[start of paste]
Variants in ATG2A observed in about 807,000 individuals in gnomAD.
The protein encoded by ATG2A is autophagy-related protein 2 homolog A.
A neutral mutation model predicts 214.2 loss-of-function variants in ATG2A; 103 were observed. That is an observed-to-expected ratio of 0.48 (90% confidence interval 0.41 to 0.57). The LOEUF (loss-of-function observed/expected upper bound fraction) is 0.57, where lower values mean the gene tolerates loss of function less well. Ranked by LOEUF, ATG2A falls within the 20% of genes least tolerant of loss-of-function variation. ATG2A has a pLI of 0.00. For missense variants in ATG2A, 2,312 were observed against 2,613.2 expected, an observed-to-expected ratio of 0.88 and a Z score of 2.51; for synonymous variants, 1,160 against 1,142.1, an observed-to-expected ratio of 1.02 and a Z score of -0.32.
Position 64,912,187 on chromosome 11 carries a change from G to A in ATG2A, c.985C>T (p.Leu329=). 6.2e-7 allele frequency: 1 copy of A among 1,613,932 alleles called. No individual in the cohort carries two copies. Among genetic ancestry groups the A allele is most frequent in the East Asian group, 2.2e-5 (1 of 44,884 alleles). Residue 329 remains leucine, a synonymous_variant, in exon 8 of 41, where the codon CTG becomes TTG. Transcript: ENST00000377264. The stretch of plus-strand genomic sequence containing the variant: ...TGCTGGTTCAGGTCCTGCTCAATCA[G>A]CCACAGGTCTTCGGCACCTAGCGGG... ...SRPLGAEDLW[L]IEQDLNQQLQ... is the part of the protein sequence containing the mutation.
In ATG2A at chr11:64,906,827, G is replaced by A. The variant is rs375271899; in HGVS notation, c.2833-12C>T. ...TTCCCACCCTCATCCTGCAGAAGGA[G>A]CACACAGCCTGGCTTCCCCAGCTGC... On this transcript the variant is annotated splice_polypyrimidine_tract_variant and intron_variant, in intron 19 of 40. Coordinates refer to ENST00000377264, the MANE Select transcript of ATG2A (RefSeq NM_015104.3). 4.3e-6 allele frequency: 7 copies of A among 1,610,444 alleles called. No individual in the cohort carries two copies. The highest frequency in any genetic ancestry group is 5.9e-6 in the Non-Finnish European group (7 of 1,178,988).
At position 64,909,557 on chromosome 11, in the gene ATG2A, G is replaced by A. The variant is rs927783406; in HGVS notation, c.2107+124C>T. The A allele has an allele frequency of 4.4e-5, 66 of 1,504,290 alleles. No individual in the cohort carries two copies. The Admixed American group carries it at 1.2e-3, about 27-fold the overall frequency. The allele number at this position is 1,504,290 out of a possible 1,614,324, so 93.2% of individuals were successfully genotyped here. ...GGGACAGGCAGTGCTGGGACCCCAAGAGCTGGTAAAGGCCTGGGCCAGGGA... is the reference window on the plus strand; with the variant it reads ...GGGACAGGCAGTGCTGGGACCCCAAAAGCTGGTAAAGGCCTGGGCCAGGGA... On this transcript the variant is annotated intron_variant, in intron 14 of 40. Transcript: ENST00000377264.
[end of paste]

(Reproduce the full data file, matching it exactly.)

Variants in ATG2A observed in about 807,000 individuals in gnomAD.
The protein encoded by ATG2A is autophagy-related protein 2 homolog A.
A neutral mutation model predicts 214.2 loss-of-function variants in ATG2A; 103 were observed. That is an observed-to-expected ratio of 0.48 (90% confidence interval 0.41 to 0.57). The LOEUF (loss-of-function observed/expected upper bound fraction) is 0.57, where lower values mean the gene tolerates loss of function less well. Ranked by LOEUF, ATG2A falls within the 20% of genes least tolerant of loss-of-function variation. ATG2A has a pLI of 0.00. For missense variants in ATG2A, 2,312 were observed against 2,613.2 expected, an observed-to-expected ratio of 0.88 and a Z score of 2.51; for synonymous variants, 1,160 against 1,142.1, an observed-to-expected ratio of 1.02 and a Z score of -0.32.
Position 64,912,187 on chromosome 11 carries a change from G to A in ATG2A, c.985C>T (p.Leu329=). 6.2e-7 allele frequency: 1 copy of A among 1,613,932 alleles called. No individual in the cohort carries two copies. Among genetic ancestry groups the A allele is most frequent in the East Asian group, 2.2e-5 (1 of 44,884 alleles). Residue 329 remains leucine, a synonymous_variant, in exon 8 of 41, where the codon CTG becomes TTG. Transcript: ENST00000377264. The stretch of plus-strand genomic sequence containing the variant: ...TGCTGGTTCAGGTCCTGCTCAATCA[G>A]CCACAGGTCTTCGGCACCTAGCGGG... ...SRPLGAEDLW[L]IEQDLNQQLQ... is the part of the protein sequence containing the mutation.
In ATG2A at chr11:64,906,827, G is replaced by A. The variant is rs375271899; in HGVS notation, c.2833-12C>T. ...TTCCCACCCTCATCCTGCAGAAGGA[G>A]CACACAGCCTGGCTTCCCCAGCTGC... On this transcript the variant is annotated splice_polypyrimidine_tract_variant and intron_variant, in intron 19 of 40. Coordinates refer to ENST00000377264, the MANE Select transcript of ATG2A (RefSeq NM_015104.3). 4.3e-6 allele frequency: 7 copies of A among 1,610,444 alleles called. No individual in the cohort carries two copies. The highest frequency in any genetic ancestry group is 5.9e-6 in the Non-Finnish European group (7 of 1,178,988).
At position 64,909,557 on chromosome 11, in the gene ATG2A, G is replaced by A. The variant is rs927783406; in HGVS notation, c.2107+124C>T. The A allele has an allele frequency of 4.4e-5, 66 of 1,504,290 alleles. No individual in the cohort carries two copies. The Admixed American group carries it at 1.2e-3, about 27-fold the overall frequency. The allele number at this position is 1,504,290 out of a possible 1,614,324, so 93.2% of individuals were successfully genotyped here. ...GGGACAGGCAGTGCTGGGACCCCAAGAGCTGGTAAAGGCCTGGGCCAGGGA... is the reference window on the plus strand; with the variant it reads ...GGGACAGGCAGTGCTGGGACCCCAAAAGCTGGTAAAGGCCTGGGCCAGGGA... On this transcript the variant is annotated intron_variant, in intron 14 of 40. Transcript: ENST00000377264.